First stop on my grand one day tour of Istanbul: Hagia Sophia! And my goodness is it worth the visit as the first and best site we saw in Istanbul. For those of you unfamiliar here is a little bit about the site:
Hagia Sophia is one of the world’s foremost architectural wonders. It was originally a church which burnt down in 404 AD and then secondly destroyed in the Nika Riots of 532 AD. The third church to stand on the site was inaugurated by the Emperor Justinian in 537 and is that which remains to be seen today. It has survived countless wars, conflicts and earthquakes and was converted into a mosque in 1453. Today it is classified as a museum, as it has been since 1934, which means that no head scarves are necessary and anyone can see the wonders inside.
On going into the site one is firstly struck by the many cats around and then one enters the entrance hall and glimpses the huge hall that comes after. It really is amazing, not to mention enormous! After getting over the initial wow factor, actually that wasn’t really possible, I was struck by the interesting combination of Islamic and Christian elements left over from the conversion in the fifteenth century. The dome in the centre of the roof is of course the highlight with beautiful arrays of designs and colours, but I was also fascinated by the wall paintings in the upper galleries and the ceiling paintings in the side galleries where earlier work had clearly been painted over with the conversion to Islam. I soon realised that with Hagia Sophia if you want to really experience it you must look past the big and focus on the details; the chip marks where crosses had been defaced, the Greek graffiti and stone mason marks hidden in the corners and the cracks in the floors. Amazing site, still can’t get over it, the history just hits you right in the face and it is fantastic!
After spending the majority of the morning in Hagia Sophia we moved on to the Basilica Cistern when we realised that the tour groups were on the rise in Hagia. The Basilica Cistern is a vast underground water-storage tank (if you can really call it that) just across from Hagia Sophia. It was created in the reign of Constantine and was later expanded by Justinian in 532 to ensure that Constantinople was always supplied with water. It once was capable of holding 18 million gallons of water! The roof of the cistern is supported by 336 pillars over 8ms in height and also contains two medusa head statues which came from older Greek buildings and are believed to have been from the Hellenistic period. It was also used as the set of one of the earlier Bond films apparently. It is full of fish the size of my lower leg and quite happy in their little microenvironment and is just beautiful when the columns are lit up by ground lights. It is also apparently a stage for some musical performances but none were playing when we were there. While a little soggy, the cistern was a fantastic and different following to Hagia Sophia.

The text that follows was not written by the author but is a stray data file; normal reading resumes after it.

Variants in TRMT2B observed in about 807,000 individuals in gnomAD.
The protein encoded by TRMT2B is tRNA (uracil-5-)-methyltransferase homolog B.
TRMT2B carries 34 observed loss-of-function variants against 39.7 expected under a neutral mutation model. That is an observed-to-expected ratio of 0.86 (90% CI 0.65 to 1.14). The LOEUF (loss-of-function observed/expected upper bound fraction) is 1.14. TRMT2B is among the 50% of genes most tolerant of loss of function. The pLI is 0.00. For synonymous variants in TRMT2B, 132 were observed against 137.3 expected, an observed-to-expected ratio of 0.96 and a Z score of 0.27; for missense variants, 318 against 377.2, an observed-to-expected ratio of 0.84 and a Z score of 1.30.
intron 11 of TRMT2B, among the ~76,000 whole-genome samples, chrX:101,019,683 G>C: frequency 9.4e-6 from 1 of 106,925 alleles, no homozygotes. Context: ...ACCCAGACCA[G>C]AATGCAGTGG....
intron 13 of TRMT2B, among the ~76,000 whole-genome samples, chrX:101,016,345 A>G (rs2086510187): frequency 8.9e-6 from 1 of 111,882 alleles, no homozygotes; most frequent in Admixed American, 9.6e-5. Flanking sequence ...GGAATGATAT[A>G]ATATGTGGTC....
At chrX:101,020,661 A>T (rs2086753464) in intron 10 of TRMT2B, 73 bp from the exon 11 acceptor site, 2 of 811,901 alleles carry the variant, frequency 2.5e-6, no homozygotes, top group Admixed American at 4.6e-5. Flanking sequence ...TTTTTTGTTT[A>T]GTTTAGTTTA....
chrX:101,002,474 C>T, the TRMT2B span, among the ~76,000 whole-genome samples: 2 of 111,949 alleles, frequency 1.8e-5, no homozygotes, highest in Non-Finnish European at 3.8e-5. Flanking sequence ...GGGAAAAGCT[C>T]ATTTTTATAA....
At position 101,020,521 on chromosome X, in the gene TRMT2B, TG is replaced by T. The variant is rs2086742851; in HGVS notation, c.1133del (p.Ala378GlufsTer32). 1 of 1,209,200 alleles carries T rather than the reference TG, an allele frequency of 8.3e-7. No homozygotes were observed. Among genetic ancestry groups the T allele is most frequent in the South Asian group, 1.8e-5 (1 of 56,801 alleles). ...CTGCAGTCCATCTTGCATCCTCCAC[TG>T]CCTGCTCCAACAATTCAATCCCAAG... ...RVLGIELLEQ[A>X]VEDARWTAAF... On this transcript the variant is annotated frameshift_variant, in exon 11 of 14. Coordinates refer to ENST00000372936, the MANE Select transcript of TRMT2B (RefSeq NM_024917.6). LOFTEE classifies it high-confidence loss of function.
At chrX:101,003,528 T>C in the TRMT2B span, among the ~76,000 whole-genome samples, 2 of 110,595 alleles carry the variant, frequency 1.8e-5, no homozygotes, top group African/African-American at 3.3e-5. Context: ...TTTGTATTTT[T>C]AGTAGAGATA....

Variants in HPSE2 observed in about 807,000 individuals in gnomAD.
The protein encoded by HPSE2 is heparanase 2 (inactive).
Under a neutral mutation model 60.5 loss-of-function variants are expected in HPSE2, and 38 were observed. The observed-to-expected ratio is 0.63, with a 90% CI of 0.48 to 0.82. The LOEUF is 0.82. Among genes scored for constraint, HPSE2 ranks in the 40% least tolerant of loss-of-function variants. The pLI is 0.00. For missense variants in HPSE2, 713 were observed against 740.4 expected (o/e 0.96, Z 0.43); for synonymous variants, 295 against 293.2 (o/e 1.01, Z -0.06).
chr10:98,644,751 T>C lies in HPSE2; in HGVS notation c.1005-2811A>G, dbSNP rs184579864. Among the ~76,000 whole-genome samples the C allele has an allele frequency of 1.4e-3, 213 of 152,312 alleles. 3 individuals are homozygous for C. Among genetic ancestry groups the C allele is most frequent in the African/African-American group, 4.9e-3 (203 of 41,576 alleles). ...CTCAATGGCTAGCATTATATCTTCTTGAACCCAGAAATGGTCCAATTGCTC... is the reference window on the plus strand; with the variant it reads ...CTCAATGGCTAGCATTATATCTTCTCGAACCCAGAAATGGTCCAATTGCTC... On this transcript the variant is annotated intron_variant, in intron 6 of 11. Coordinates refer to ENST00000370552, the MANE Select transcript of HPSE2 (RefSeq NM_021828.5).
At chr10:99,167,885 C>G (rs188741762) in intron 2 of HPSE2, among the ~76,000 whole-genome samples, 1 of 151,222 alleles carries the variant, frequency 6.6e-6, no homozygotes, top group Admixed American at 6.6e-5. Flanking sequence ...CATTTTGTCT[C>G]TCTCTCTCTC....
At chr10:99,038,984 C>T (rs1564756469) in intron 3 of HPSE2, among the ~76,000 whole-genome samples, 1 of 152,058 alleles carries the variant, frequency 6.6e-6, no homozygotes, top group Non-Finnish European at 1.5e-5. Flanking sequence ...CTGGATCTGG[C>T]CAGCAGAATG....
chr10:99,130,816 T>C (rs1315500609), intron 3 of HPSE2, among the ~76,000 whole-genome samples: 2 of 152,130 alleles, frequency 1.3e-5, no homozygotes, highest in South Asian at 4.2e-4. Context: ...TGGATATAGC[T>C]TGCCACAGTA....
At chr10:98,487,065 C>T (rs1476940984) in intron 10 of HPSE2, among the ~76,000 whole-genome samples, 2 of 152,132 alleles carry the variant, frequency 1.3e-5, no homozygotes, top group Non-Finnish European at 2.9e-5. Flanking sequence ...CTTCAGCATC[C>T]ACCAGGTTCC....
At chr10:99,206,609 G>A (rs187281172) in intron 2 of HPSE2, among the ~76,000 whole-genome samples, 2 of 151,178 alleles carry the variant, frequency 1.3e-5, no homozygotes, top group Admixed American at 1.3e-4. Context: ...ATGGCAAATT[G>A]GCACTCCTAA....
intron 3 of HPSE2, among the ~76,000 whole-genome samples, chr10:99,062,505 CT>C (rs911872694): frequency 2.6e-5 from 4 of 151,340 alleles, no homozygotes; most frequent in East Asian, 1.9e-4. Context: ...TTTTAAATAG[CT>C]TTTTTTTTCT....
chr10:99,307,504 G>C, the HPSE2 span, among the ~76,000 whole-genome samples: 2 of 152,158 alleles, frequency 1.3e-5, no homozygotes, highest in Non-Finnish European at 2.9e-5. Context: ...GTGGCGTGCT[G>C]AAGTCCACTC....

Site number three was unfortunately a little disappointing because it had the potential to be amazing. Topkapi palace was built by Mehmet II as his main residence in 1459-65. It was also Mehmet’s seat of parliament and a college for training officials and soldiers. While the government later moved in the 16th century, Topkapi remained as a palace until Abdul Mecit I moved the Sultan’s main residence to Dolmabahce Palace in 1856. The palace includes imperial gates, courtyards, throne rooms, a harem, treasury, barracks, salons, apartments, baths and halls. It has the potential to be a fascinating site but there were two main issues: firstly and primarily the tourists. The number of people at the palace was just overwhelming, you could hardly see in front of you and the lines to get in to any of the buildings were worse than Disneyland. After what seemed like an eternity we managed to get into the Treasury to find that more people standing in front of the exhibits completely obscured our views. Problem number two: no signage. Seriously how were we meant to know what anything is without anywhere to get a map, no signs and not even the occasional arrow. It was frustrating to say the least. The most interesting thing we did find though was the stone throne outside where the sultan used to watch the sports. A beautiful piece of stone work, inscribed and decorated, and yet hidden in a corner and ignored with a worn label next to it. Topkapi, I’m sure is amazing, but with that many people and no idea where anything is it was a waste of 25 TL and we saw nothing. A shame but well it’s all part of the experience. Fortunately the rest of the sites that day made up for it.
After a late lunch and a short break we headed to our next exhibit on the Istanbul trail: the Blue Mosque. The Blue Mosque was commissioned by the Sultan Ahmet when he was only 19 years old. So great was his enthusiasm for the project that at times he even worked alongside the labourers. His aim was to surpass the Suleymaniye Mosque and the Hagia Sophia. Well he tried, didn’t quite succeed with the latter at least. The mosque was finished in 1616 and is celebrated as one of the best working mosques in the world known especially for it’s blue Iznik tiles in the interior. The mosque is a fantastic opportunity to experience the culture and mix with the locals but the tourists really stand out. Still I found wearing a head scarf a surprisingly nice experience, makes you feel like you belong there in the culture. The building itself was spectacular too with giant columns and beautiful stained glass windows.
So much to write, so little time. Signing off for now. More of Istanbul and the archaeological site to come.